They do a lot of tech talk on the Enterprise. I accept it with alacrity. No problem. Pass the warp drive. I’ll have a side order of tachyon particles. I understand that science as well as I understand ours.
Which is to say, not at all. Tachyon energy is crucial to all kinds of weaponry and fuel. They are part of what powers the warp engines on the Enterprise. The warp engines are what lets the Enterprise be the Enterprise, travel at speeds faster than light … fast enough to explore the universe. Slither through wormholes. Travel through time.
For your information, a tachyon particle moves faster than light. The complementary particle types are luxon (particles which move at the speed of light) and bradyon (particles which move slower than light). If you live in the Star Trek universe, tachyon particles are as common as dirt. Or electricity.
I understand exactly as much about tachyon waves and warp drives as I do about the internal combustion engine. True, I studied this stuff in junior high school (middle school to you kids). The information didn’t “take,” and whatever is going on under my car’s hood is a mystery. As is the electricity that powers this computer. As is all technology.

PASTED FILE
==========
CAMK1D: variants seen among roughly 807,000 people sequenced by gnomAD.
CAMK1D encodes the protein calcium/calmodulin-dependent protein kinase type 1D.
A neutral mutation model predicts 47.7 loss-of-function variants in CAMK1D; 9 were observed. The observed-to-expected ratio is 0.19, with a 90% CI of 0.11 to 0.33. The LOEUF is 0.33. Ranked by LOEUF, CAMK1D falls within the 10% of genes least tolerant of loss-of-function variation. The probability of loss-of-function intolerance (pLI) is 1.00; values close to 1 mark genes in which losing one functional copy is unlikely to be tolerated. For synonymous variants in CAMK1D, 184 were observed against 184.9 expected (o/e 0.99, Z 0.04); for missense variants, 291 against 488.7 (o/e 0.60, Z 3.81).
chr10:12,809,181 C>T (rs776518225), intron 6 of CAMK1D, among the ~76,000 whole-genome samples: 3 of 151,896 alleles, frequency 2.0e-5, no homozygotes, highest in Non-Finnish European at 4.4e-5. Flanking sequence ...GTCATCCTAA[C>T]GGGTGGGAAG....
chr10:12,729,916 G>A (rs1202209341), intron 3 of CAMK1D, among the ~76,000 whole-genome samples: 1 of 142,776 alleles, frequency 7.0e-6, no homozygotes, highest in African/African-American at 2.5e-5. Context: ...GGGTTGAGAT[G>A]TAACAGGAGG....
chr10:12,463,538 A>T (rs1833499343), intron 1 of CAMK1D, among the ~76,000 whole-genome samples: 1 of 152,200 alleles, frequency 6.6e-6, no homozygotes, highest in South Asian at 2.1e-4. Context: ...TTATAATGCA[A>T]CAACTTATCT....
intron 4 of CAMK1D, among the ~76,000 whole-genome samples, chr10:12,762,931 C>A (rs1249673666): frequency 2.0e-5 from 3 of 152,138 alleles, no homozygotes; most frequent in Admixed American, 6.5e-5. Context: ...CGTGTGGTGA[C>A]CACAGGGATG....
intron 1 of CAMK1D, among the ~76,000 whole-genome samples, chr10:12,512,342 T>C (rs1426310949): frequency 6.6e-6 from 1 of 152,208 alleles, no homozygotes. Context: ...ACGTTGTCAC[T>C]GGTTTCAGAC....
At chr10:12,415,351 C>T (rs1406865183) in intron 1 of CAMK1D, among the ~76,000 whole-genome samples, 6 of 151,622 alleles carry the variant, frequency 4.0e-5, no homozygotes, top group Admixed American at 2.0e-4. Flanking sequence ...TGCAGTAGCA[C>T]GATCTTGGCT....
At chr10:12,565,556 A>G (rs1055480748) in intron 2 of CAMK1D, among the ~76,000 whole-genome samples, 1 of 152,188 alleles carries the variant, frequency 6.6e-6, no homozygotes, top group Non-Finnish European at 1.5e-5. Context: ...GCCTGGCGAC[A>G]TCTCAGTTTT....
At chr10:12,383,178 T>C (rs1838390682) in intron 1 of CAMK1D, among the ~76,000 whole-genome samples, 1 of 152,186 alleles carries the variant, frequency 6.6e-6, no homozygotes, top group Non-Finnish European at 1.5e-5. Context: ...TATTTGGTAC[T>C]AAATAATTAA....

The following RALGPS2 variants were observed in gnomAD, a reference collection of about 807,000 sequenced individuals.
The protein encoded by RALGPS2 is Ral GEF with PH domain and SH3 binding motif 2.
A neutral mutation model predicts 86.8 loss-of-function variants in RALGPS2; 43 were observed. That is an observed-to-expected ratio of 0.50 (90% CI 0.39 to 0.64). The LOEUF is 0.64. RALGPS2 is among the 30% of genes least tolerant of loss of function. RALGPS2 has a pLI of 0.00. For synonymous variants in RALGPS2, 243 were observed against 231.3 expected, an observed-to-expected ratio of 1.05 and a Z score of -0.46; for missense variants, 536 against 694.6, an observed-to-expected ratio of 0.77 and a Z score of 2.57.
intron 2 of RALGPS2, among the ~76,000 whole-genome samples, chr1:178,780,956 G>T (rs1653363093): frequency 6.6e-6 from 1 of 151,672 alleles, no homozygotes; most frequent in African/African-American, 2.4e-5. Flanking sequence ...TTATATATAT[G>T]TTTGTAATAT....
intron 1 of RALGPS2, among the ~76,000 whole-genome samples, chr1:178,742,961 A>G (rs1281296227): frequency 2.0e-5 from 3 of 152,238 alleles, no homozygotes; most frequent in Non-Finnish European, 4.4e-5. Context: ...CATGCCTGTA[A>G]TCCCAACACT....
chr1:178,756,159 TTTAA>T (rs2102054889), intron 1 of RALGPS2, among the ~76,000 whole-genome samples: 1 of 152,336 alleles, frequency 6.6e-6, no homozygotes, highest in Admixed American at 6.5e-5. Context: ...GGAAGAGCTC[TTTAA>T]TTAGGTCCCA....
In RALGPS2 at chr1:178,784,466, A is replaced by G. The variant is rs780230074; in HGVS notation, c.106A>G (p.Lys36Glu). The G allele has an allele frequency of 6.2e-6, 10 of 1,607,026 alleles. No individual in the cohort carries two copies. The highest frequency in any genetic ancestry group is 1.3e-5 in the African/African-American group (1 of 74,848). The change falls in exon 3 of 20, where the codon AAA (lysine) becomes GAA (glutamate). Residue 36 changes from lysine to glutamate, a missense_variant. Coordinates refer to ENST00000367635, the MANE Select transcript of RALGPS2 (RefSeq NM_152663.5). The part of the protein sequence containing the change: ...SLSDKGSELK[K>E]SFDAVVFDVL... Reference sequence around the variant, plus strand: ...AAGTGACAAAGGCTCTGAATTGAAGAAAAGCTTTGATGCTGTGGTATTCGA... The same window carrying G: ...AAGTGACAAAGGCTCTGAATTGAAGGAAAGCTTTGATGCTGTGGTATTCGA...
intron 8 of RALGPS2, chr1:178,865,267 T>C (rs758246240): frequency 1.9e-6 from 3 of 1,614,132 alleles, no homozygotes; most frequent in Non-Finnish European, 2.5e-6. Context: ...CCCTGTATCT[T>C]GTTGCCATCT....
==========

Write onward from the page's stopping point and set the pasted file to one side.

Effectively, everything is a mystery. I understand the technology of the 24th century exactly as well (and as much) as I understand the technology of the 21st. I am equally comfortable in both.
How many of you know how the stuff you use all the time works? I know how software is designed, how code is written and compiled. I used to know how to do a little coding. In the end, though, I have no idea why code does anything. Why, when you compile a program, does it work? It’s just text. Why does it do what it does?
Why does anything work? Tachyon particles, warp drives, internal combustion engines, electricity, cell phones, WiFi. It’s all the same. Magic.
And now, back to the Enterprise, already in progress.
I first read this book 40 years ago. It wasn’t new then having been written in 1949, yet it has stuck with me, despite having read thousands of books since.
Earth Abides is sometimes referred to as “the original disaster” story, but it isn’t a disaster story at all. It is, as the title suggests, a book of renewal and hope.
Although events are set in motion by a disaster — a plague that starts somewhere, no one is sure where — and kills off most of the population, that’s only the beginning of the story. A few people are naturally immune to the disease. Also, anyone who was ever bitten by a poisonous snake and survived is immune.
The remnants of humanity find each other and form groups, then tribes. They repopulate the earth, creating a new society that has bits and pieces of what had gone before, without much of the baggage of the past.
The book was re-released in a 60th anniversary edition a few years ago, including a newly recorded audio version that has an introduction by Connie Willis.
I cannot count the number of copies of this book I’ve owned. I buy copies of it and lend it to people. It’s theoretically on loan, but the books are never returned, so i buy another copy.
The book is a bit preachy, but George Stewart is a lot less preachy than Anne Rice and I agree with him.